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Mintres by courtesy of Mr Patrick Bongartz

Mintres BV works with diamond, aluminium nitride (AlN) and aluminium oxide (AlOx) and supplies the electronics and opto-electronics industries and research institutions, high energy physics and other scientific communities, flat panel screen industry, and the surgical instruments industry. The company can process ceramics using a wide variety of processes in-house – YAG and UV lasering, metal and dielectric thin layer sputter deposition, photolithography, wafer sawing, RIE (reactive ion etching) and ion beam processing, metal plating together with the relevant metrology systems for process monitoring and product testing. Mintres offers its customers a range of products and services based around diamond and other high-performance ceramics.

Based in the Netherlands, Mintres was launched in 2008 after Element Six sold off its Dutch company to two of its former employees-- Xiao Tang and Clive Hall.  Antonio Raspa, EPIC’s Senior Photonics Program Manager, spoke with Xiao Tang, Co-founder, Director and Manager Marketing and Sales at Mintres BV about how he got his start, the launch of the company, and plans for the future.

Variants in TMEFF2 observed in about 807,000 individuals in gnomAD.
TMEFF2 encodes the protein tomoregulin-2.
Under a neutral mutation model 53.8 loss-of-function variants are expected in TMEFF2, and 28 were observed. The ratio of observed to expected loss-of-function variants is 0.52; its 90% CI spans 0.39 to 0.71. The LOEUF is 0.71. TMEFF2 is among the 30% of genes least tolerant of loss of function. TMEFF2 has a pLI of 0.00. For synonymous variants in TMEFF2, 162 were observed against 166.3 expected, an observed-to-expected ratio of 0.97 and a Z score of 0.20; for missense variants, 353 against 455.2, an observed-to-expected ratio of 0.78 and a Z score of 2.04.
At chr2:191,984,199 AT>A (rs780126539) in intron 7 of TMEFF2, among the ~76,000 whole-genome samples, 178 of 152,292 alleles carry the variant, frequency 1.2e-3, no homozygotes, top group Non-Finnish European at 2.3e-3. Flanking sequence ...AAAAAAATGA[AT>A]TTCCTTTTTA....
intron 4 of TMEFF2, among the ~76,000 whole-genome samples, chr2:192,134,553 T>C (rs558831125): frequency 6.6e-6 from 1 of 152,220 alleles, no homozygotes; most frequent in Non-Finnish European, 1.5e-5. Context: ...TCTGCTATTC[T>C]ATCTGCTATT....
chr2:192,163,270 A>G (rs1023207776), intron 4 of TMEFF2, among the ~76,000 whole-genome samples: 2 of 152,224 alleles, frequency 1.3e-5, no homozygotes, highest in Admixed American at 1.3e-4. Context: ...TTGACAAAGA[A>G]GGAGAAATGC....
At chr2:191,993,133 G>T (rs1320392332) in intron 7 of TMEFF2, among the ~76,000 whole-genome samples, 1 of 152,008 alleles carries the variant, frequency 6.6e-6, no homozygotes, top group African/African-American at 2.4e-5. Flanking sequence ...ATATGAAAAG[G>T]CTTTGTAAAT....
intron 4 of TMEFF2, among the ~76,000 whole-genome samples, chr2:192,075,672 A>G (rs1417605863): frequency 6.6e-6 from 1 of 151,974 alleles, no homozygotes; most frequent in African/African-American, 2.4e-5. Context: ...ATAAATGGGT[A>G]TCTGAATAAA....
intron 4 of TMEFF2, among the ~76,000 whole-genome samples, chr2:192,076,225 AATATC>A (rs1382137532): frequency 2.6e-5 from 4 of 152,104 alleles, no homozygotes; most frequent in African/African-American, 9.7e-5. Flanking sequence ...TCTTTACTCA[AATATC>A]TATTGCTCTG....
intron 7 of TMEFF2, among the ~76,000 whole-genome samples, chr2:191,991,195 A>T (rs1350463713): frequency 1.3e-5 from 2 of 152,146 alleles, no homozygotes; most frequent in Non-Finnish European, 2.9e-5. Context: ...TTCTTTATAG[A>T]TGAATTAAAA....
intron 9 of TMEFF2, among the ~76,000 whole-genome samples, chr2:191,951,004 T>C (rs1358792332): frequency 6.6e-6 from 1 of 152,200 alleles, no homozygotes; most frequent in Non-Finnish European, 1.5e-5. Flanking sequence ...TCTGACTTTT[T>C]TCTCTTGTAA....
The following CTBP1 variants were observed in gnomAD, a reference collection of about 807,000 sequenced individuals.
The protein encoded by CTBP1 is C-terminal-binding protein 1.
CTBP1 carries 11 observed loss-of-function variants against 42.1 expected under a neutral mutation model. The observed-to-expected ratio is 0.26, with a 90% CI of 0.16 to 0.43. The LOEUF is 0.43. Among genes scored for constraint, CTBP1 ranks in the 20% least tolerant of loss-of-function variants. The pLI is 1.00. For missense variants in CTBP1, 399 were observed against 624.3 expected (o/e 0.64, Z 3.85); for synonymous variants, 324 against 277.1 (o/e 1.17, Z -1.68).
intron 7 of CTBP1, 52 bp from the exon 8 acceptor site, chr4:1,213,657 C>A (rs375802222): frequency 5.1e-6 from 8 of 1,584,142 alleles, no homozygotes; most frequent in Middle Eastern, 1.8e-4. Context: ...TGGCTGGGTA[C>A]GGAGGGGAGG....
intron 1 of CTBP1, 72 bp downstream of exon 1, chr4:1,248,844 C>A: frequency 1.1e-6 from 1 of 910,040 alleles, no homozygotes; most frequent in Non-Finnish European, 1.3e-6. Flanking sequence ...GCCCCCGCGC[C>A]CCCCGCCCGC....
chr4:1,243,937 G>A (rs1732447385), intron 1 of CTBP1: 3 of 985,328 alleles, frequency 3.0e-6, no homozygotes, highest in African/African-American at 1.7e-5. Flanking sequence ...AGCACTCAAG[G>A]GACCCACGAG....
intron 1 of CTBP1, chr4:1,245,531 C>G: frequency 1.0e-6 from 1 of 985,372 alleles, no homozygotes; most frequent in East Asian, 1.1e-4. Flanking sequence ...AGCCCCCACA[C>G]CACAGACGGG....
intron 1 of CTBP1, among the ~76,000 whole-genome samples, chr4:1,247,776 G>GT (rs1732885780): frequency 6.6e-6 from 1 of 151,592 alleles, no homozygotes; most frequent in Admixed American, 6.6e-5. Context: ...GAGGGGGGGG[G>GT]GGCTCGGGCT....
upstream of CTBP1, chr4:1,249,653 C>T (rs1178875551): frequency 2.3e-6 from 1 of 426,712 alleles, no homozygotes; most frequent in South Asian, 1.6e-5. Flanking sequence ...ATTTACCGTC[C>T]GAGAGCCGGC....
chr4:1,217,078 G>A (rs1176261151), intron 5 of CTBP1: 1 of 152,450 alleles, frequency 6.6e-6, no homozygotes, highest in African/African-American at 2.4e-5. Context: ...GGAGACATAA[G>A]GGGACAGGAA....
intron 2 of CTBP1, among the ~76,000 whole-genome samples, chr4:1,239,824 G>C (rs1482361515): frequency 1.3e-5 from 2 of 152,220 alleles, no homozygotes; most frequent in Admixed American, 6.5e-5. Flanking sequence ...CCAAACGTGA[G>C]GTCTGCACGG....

What’s the background to you co-founding Mintres BV?

In 1982, after graduating with a BSc in Applied Physics from Chongqing University, China, I worked for a year as a teaching assistant at Chongqing University and in 1983, I came over to Europe to study an MSc in Engineering & Applied Physics at Eindhoven University of Technology.

I worked mainly on the surface properties of semiconductors and after my MSc, instead of going back to China, I did a PhD in Solid State Physics at Radboud University, where I focused on MOCVD growth for solar cell applications. Then in 1990, I moved to ASM International, a supplier of semiconductor process equipment, where I worked as a senior scientist developing CVD aluminium processes for silicon technology. Three years later I became Development Engineer for Drukker International, which was later bought by Element Six, a member of the De Beers Group of Companies and a developer and producer of synthetic diamond super materials. Element Six had a workforce of around 400, and in 2007, as part of their consolidation plans, they decided to sell off the Dutch arm of the company where I was employed. As a result, I together with an old colleague of mine, Clive Hall, managed to put together a sort of management buy-out that resulted in Mintres BV, which we co-founded in 2008.